How odd it is that a former Prime Minister of Great Britain should utter the words, “A vow, once written, cannot be casually rewritten or revised,” and yet those were the very words of Gordon Brown as the penny finally dropped that he had been played like a fiddle. Brown, no doubt, came to Scotland with promises of honours and money to rally the tory sentiment as his British paymasters came ever closer to losing their northern cash cow. There was just about enough respect left for him in the old guard of Scottish Labour to give his silver-coated words the weight they required to woe Scotland back into its box. Brown promised Scotland that by Burn’s Night 2015 legislation for nothing short of Home Rule would go before the British parliament at Westminster; a promise that was tantamount to placing the previously denied third option on the ballot paper. It would now appear that the people of Scotland, terrified after an overlong terror campaign by Westminster and the BBC, took the bait – hook, line and sinker. Brown retreated with a smug grin south of the border with his bedfellows as Scotland’s defeat became breaking news. At this point our Gordon was proud as Punch. He had served his masters well and delivered up his country on a silver platter.
Not a full ten hours later the stitching of the promises began to come undone. Every last word of the vow and promise had been a lie, a simply fact that Brown, as a former Prime Minister, should have known. In Blair’s New Labour inner-circle he knew the web of deceit surrounding the illegal invasion of Iraq and the countless human rights abuses. Britain has, since its inception, made for itself a reputation of deception and dirty tricks. Honesty is singularly an un-British thing. Brown was indeed taken in by the lies, however, as his conviction was required if there was to be any hope of Westminster securing its hold on Scotland and its vast wealth. Even for Brown it was never about the people of Scotland. Before he had sat himself down for his cosy evening meal with Sarah it had become obvious to all that he had been made a fool of, and sold out his country. His actions after this point to his foolishness rather than his complicity; he threw all of his toys from the pram when he accused his senior-most paymaster, David Cameron, of snaring the Scottish people in a deal that will effectively remove them from Westminster, and hastily set about gathering signatures on a humiliating petition to demand of Westminster that it keep its word.
This petition, mocked from one side of Scotland to the other – and for sure in number ten, will get its one hundred thousand signatures; even if those signatories have to be bussed up from England, but keeping Cameron and the Westminster alliance to its word is quite another matter. What is most pitiable is that Gordon Brown, more than anyone else on this island, knows this to be true. If this were a promise of any substance then there would be no need now for a Smith or any other Commission. No recipient of a promise should have to enter into negotiations regarding how much of the promise is to be honoured. As Brown continues to make an utter idiot of himself, Ruth Davidson, Cameron’s guard dog north of the Tweed, has frantically busied herself making sure that all the proper restrictions are in place ahead of the negotiations. What will surely emerge from this is a Devo-Max version of Home Rule that is less Max than it is proviso after proviso. Cameron’s elderly cousin, the Queen, had every reason to purr – as Gordon Brown had been stitched up like a kipper. Scotland had been broken and secured for London’s establishment financiers and fracking magnates, and what was most triumphant and glorious about the whole sordid affair was that it was, like in 1707 before it, an inside job.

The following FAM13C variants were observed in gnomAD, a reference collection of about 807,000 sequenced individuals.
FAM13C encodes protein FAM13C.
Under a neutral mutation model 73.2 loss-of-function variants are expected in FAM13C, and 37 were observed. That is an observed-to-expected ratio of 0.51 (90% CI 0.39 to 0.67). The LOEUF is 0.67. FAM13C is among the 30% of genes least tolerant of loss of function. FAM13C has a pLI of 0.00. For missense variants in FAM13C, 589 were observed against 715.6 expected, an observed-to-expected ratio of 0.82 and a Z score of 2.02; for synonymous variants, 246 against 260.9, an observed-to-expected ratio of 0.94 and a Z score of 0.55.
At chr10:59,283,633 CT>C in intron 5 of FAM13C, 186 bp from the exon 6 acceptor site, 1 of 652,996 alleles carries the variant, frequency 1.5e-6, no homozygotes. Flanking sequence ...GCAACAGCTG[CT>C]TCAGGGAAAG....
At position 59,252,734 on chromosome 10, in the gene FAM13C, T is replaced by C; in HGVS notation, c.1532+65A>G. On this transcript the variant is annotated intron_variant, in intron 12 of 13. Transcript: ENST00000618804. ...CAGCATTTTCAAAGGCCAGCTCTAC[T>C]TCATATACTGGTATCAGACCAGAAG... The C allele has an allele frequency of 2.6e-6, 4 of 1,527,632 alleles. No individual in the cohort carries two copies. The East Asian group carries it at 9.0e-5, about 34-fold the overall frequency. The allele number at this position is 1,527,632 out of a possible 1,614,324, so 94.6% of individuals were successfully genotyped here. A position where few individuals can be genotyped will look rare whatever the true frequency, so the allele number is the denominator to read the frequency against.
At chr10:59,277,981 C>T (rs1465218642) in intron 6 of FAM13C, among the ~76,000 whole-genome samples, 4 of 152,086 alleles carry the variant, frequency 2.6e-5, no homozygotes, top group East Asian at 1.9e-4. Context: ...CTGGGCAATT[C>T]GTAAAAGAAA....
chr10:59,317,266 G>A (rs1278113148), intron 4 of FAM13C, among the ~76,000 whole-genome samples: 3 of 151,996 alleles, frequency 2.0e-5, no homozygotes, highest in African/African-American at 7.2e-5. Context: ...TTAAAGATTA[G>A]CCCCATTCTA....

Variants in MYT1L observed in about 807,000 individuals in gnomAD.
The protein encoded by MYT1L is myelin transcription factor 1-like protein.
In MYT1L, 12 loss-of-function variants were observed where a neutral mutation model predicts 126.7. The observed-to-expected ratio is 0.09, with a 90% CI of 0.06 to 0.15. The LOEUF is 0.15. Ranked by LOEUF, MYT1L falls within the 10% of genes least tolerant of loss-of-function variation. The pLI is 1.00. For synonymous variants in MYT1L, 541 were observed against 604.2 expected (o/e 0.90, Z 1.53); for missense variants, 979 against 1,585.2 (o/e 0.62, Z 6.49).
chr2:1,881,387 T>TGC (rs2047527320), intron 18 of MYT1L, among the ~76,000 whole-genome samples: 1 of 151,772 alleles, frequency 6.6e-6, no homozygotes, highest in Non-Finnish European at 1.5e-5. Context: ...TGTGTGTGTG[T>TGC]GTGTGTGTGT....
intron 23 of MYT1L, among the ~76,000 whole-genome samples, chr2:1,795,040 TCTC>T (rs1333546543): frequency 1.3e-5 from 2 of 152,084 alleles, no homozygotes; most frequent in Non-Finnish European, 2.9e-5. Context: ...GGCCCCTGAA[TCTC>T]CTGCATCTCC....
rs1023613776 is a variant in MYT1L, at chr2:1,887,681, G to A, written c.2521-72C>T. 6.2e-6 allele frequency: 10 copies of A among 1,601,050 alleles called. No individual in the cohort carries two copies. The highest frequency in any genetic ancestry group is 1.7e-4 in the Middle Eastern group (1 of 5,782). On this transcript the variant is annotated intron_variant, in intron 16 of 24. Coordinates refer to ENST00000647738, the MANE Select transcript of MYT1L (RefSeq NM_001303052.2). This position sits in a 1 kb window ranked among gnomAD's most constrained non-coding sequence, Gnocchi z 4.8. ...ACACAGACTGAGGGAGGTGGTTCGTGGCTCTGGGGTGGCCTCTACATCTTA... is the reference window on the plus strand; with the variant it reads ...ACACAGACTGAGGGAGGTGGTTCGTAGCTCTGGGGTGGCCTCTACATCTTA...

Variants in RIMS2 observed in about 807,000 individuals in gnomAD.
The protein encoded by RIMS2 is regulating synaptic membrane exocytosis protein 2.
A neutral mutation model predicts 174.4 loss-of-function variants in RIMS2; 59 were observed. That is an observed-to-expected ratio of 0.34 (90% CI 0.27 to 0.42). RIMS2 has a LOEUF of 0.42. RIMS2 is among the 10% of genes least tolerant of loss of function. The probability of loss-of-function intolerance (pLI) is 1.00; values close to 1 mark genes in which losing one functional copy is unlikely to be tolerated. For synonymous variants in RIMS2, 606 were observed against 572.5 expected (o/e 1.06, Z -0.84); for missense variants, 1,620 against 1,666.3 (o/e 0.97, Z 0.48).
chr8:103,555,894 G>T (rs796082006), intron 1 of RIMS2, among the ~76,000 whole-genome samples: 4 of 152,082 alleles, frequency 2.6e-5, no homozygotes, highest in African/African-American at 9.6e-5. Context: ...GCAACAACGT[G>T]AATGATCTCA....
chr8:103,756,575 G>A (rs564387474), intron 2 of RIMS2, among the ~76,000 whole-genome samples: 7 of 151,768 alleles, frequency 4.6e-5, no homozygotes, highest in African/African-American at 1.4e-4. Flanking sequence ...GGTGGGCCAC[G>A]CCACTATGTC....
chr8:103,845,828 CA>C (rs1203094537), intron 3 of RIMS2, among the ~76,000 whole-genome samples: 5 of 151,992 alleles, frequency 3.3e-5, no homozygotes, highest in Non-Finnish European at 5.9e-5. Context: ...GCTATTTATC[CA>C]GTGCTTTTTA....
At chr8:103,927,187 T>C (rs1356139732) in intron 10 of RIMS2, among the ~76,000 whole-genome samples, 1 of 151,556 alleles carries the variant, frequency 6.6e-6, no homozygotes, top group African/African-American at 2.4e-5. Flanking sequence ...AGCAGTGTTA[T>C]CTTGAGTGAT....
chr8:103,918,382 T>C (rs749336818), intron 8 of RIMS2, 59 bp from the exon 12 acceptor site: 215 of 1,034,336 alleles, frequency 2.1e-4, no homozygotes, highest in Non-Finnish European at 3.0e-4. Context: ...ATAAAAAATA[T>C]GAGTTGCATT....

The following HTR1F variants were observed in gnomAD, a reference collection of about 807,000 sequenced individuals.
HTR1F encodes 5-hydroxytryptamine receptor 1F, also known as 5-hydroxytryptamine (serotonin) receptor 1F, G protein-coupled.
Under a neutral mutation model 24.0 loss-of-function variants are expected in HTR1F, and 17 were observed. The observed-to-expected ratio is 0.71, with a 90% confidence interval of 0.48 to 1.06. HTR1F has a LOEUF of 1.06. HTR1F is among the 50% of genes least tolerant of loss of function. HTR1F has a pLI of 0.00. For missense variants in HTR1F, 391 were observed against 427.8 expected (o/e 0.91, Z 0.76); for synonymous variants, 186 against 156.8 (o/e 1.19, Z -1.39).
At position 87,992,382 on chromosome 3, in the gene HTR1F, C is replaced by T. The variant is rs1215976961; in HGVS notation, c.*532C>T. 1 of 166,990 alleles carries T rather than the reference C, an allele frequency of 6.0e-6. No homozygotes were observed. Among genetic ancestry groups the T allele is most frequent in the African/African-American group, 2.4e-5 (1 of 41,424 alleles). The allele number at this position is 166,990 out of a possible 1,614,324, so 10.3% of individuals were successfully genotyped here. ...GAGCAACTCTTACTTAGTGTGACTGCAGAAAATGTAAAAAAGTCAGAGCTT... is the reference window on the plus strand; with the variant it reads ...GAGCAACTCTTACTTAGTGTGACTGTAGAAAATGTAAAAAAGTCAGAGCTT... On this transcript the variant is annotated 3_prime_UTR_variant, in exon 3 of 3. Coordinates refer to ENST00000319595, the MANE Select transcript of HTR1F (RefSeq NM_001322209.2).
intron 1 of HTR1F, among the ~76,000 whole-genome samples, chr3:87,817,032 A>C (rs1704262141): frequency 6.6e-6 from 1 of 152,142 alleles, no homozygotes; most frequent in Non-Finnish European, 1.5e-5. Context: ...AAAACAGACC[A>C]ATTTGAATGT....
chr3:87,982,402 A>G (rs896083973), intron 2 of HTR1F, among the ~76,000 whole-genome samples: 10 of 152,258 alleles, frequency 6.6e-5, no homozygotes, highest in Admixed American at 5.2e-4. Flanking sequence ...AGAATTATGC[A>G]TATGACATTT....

Boris Johnson’s “New fisheries policy” quip of chucking Salmond overboard before eating the kippers for breakfast was a profound truth and a rare insight into the real and unveiled intentions of Westminster. Alex Salmond, the man who brought Scotland closer to independence than any other person in centuries, has been a real thorn in the side of the London establishment. He has consistently stood in the way of Britain’s despoliation of our country, and ultimately threatened it with the complete loss of their meal ticket. Salmond, with a name closely resembling that of an important fish in the culture and myth of the Scots, along with his depute, Nicola Sturgeon, with another fishy name, have become cyphers in the circles of the London establishment for the contempt it feels for our whole nation. Yet, as Scots, we should be well proud of our fish while they are safe from the effects of fracking and nuclear waste. There is one more name, in the politics of Scotland, that deserves now to be listed with the fishes, and that is the name of Gordon Brown. Our independence is now guaranteed, and three hundred and seven years from now it should be known that in the little pond of Scotland’s struggle there was a big Brown Trout.
– Mac’IlleRuaidh at the Butterfly Rebellion